I said in passing to someone that they were “redding up” and I got a look of utter confusion. It occurred to me that the use of “redd” as a verb is not one that I hear much outside of my Lancaster County relatives, so I went hunting.
I’ve been in my old home grounds this week for a conference, and ended up with some spare time and in the Glover Park neighborhood. So on Monday I walked up the hill to Washington National Cathedral, just in time to join in the first half of the Cathedral Choral Society‘s rehearsal.
I was amazed at the number of familiar faces that I recognized, and who recognized me. I was astonished at how familiar everything was, to the extent of pushing the same talk button to enter the handicapped door for rehearsal and the chairs that everyone sat in—and how different it was. The passing of Reilly Lewis has left a hole in the organization that they are still working to fill.
And for me, having just passed through the conductor revolving door as the Tanglewood Festival Chorus sought to replace its founding conductor John Oliver, it felt very familiar—the uncertainty of the future direction of the group, the dislocation with each new guest conductor, the determination to make music despite all the ambiguity of the future and the organizational distractions. I look forward especially to hearing the Nico Muhly commission, “Looking Up,” that I rehearsed with the group and that was one of Reilly’s last programming choices.
I saw Branford live for the first time with Sting, on January 29, 1988, and with his band in 1989 (if my notes are correct). Because of Branford, I started listening to jazz in earnest, first finding John Coltrane, then Miles Davis, Monk, and others. Last Friday I finally got to hear him live again.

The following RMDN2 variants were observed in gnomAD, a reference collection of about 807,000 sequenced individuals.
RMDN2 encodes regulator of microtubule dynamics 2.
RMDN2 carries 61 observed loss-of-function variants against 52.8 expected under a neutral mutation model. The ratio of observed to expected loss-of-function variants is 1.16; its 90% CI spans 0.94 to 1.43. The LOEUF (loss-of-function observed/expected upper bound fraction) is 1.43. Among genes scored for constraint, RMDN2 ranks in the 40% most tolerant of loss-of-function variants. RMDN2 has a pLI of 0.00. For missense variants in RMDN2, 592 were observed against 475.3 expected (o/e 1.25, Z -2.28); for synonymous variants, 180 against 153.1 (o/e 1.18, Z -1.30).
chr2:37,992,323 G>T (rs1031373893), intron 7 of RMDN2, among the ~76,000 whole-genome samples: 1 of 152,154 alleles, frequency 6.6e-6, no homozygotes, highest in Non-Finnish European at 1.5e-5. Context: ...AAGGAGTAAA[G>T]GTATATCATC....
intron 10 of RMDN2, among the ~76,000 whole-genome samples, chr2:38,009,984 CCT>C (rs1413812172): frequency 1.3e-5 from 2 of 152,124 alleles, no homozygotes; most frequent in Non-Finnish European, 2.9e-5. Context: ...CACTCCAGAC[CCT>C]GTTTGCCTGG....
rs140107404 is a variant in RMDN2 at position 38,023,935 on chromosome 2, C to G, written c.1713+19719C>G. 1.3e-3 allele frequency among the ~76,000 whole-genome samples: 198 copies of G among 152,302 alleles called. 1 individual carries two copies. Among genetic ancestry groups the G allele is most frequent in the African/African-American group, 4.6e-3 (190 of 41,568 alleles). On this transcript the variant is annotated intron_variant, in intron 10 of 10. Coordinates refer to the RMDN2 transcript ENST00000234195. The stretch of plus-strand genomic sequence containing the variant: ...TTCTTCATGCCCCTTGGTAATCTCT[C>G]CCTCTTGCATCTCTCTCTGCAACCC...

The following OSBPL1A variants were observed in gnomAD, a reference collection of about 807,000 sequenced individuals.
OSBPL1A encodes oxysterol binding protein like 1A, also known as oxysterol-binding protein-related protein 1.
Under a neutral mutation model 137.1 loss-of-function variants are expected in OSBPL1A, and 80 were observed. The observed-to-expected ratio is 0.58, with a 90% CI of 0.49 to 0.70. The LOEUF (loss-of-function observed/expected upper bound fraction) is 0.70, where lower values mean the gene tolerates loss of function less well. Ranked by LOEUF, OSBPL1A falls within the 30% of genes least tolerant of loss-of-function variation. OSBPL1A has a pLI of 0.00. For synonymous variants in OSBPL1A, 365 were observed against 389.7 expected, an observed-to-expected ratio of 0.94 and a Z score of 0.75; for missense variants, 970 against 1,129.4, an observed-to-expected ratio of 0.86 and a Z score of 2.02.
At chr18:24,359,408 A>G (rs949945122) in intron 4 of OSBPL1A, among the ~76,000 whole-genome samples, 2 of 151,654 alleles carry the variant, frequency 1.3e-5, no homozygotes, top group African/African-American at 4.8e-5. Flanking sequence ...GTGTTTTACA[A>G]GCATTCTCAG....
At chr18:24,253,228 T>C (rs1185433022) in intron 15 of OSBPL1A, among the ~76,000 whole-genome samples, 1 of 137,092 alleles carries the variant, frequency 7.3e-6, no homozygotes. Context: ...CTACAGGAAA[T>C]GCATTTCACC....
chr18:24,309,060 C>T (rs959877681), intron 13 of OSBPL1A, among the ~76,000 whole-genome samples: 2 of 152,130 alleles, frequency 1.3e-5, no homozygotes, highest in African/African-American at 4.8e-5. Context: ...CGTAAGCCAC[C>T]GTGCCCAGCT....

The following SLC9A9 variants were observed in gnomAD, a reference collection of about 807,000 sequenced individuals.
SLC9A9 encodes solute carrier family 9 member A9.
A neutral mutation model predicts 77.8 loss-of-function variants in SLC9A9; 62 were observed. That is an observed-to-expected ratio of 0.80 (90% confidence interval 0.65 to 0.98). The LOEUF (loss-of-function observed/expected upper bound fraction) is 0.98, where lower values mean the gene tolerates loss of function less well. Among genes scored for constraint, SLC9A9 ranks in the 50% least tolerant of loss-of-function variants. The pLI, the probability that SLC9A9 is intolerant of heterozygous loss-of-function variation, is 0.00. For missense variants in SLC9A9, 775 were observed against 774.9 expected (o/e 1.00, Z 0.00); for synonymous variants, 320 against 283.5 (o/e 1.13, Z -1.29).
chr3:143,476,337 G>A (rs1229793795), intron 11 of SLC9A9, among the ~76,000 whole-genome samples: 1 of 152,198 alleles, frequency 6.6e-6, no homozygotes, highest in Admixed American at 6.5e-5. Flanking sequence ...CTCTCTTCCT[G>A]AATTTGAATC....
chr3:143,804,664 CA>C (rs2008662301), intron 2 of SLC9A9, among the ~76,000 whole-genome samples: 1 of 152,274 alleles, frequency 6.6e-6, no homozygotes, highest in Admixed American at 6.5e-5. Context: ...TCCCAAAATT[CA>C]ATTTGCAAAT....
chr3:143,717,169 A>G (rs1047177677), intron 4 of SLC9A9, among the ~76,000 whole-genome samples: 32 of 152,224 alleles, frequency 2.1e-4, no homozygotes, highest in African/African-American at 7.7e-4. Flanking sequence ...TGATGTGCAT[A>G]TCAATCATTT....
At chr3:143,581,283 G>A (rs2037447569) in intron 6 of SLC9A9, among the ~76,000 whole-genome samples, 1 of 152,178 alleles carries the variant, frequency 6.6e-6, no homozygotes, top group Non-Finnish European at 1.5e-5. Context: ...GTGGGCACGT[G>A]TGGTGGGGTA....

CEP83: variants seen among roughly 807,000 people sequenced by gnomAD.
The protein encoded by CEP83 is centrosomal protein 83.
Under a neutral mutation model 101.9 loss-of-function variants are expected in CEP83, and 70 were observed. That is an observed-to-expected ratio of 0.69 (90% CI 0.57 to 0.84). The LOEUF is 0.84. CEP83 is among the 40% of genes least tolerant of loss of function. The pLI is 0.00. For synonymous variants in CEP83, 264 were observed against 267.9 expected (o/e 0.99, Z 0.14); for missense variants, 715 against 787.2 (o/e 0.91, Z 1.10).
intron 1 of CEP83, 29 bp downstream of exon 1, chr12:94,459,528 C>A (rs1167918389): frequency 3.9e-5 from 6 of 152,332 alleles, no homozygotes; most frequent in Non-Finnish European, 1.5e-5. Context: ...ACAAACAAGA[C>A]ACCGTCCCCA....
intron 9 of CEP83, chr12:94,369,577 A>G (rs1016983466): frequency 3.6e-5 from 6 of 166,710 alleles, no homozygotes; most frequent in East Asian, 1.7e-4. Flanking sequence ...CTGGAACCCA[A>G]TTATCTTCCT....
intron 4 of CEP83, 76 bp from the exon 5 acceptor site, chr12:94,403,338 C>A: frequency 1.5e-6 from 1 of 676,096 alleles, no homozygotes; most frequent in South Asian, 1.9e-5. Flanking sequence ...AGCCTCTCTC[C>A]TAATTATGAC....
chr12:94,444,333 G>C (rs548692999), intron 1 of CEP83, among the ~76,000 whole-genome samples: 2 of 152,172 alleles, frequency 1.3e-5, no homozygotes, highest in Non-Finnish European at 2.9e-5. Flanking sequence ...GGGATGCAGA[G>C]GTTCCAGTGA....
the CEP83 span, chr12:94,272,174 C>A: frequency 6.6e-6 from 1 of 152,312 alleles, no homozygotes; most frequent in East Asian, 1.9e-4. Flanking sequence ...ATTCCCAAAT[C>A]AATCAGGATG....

What struck me about the performance by the Branford Marsalis Quartet with Kurt Elling was the high level of talent in all the musicians on stage, and the high level of generosity from the leader. Joey Calderazzo in particular stood out for his range, going from high volume warfare with Justin Faulkner to atmospheric washes generated by plucking the strings of the piano to some moments of Bill Evans/Erik Satié inspired playing. Faulkner himself was a force of nature, dropping bombs left and right over the stage and performing incredibly complex fills. And Eric Revis was a solid pivot who proved in the encore of “St. James Infirmary” that he could play a solo of high complexity and sensitivity. Branford himself blew my socks off in a few moments, but mostly stood out for how well he accompanied Elling.
Elling is an astonishing vocalist who was not on my radar before his collaboration with this quartet, but whose other work I’ll be seeking out.
Meanwhile, White House Chief of Staff Reince Priebus told ABC on Sunday that the president is thinking about amending or even abolishing the First Amendment to stifle what they consider to be unfair media criticism. When asked by Jonathan Karl whether they had considered a constitutional amendment so that the president can sue his critics, Priebus responded: “I think it’s something that we’ve looked at. How that gets executed or whether that goes anywhere is a different story.”
Never mind that the White House will stumble around figuring out how to amend the Constitution because none of them paid attention in civics class. Eventually they’ll figure it out.
And then we should impeach whoever moves that idea forward. Because that’s a long way from preserving, protecting, and defending the basic framework of our democracy.
This weekend’s March for Science felt familiar, but not because of its similarity to the Women’s March. A lot of the placards felt like S. Harris cartoons.
Sidney Harris, who generally signs his cartoons with his first initial, is one of those guys I read religiously when I was in physics and then subsequently forgot about. But there’s a real resonance in his cartoons about climate change.
It’s nice to see some love for the First Lady of Song. Her contributions to popular song are eternal, due largely to the Songbook series, but for me I’ll remember her as a fellow child of Newport News (aside: what was it with that city in the early 20th century and jazz vocalists? Pearl Bailey also spent her childhood there) and as a great interpreter of song, period. For proof, have a listen to her version of the Beatles’ “Got to Get You Into My Life.”
Just got done driving my family around Washington, DC for a few days. Slowly trying to reenter working life, but it’s challenging to focus for more than a few minutes at a time, which is about the length of time my kids will let me focus on anything.